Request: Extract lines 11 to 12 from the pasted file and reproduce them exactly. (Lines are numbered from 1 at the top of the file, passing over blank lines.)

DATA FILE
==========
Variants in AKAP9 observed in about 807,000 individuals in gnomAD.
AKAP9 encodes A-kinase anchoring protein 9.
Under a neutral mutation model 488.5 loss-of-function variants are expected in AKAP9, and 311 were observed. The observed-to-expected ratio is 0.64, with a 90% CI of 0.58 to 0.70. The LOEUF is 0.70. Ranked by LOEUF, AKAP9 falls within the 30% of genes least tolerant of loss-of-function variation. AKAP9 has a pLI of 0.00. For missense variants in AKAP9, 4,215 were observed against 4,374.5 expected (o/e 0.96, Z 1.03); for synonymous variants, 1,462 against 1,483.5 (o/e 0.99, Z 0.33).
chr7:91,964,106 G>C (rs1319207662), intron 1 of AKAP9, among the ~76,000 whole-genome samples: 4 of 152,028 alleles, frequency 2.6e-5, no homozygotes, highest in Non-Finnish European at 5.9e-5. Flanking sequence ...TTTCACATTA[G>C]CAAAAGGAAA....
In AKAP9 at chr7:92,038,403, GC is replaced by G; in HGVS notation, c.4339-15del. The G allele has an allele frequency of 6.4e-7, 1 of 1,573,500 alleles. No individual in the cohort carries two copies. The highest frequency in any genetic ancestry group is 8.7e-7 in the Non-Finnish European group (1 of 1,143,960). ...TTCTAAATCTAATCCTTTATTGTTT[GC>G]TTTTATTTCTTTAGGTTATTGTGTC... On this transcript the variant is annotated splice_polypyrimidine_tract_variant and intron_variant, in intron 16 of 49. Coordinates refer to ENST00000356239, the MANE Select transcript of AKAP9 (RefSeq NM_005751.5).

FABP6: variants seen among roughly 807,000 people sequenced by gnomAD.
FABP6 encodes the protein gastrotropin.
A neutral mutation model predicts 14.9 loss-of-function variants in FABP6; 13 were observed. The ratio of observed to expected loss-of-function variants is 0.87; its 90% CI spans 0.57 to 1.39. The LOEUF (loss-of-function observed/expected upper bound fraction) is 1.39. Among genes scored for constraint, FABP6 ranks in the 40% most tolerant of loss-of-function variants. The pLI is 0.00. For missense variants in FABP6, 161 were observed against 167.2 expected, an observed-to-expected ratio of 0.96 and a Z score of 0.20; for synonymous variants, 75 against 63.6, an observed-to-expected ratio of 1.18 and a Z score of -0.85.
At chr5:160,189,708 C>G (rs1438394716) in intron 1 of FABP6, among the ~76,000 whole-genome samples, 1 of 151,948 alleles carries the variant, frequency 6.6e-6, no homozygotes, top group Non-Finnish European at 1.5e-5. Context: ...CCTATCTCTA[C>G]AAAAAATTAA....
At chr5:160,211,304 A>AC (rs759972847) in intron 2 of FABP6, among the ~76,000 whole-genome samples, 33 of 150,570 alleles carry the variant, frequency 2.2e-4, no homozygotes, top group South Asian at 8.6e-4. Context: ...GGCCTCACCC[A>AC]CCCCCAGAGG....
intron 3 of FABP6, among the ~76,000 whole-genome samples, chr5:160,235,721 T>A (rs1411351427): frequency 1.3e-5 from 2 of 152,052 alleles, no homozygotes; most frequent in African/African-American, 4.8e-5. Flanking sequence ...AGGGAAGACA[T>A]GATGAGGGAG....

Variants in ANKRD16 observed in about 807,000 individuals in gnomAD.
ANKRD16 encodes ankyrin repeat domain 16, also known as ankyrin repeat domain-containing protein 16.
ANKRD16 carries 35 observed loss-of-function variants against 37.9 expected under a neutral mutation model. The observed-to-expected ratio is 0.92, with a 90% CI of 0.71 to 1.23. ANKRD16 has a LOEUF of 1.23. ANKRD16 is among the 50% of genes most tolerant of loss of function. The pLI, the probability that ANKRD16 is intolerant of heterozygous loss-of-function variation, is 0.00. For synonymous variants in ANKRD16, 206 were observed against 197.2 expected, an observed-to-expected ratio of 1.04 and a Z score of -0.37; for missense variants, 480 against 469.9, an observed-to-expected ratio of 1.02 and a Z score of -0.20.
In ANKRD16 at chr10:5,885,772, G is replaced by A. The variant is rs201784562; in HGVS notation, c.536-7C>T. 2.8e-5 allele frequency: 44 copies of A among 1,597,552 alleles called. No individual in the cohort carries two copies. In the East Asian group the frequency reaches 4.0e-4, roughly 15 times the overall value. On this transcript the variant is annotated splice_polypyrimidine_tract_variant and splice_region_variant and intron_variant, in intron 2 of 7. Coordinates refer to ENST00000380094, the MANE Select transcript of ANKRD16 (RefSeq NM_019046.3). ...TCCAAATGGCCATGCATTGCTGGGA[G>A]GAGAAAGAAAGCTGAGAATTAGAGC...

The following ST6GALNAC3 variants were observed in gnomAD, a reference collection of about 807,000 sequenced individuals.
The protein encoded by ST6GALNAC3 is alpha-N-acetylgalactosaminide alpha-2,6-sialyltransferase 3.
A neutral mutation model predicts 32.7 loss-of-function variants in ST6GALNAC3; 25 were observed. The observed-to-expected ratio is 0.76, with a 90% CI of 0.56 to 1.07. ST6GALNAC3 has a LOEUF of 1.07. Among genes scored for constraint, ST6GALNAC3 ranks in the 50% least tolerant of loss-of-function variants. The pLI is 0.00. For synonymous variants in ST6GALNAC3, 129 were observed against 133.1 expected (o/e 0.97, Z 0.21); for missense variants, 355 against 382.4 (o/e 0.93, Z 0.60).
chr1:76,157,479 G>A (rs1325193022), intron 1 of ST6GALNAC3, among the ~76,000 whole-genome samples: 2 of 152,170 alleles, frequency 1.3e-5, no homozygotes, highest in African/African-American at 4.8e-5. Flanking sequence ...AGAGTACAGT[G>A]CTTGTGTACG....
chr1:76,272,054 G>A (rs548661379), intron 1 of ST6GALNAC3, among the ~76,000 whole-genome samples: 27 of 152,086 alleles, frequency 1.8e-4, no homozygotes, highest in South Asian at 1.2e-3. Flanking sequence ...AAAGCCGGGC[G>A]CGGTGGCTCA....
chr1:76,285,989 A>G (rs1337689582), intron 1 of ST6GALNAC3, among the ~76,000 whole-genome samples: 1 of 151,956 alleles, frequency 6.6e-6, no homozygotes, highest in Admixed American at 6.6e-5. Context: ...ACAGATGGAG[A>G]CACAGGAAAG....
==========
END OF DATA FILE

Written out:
intron 3 of FABP6, among the ~76,000 whole-genome samples, chr5:160,235,721 T>A (rs1411351427): frequency 1.3e-5 from 2 of 152,052 alleles, no homozygotes; most frequent in African/African-American, 4.8e-5. Flanking sequence ...AGGGAAGACA[T>A]GATGAGGGAG....

Variants in ANKRD16 observed in about 807,000 individuals in gnomAD.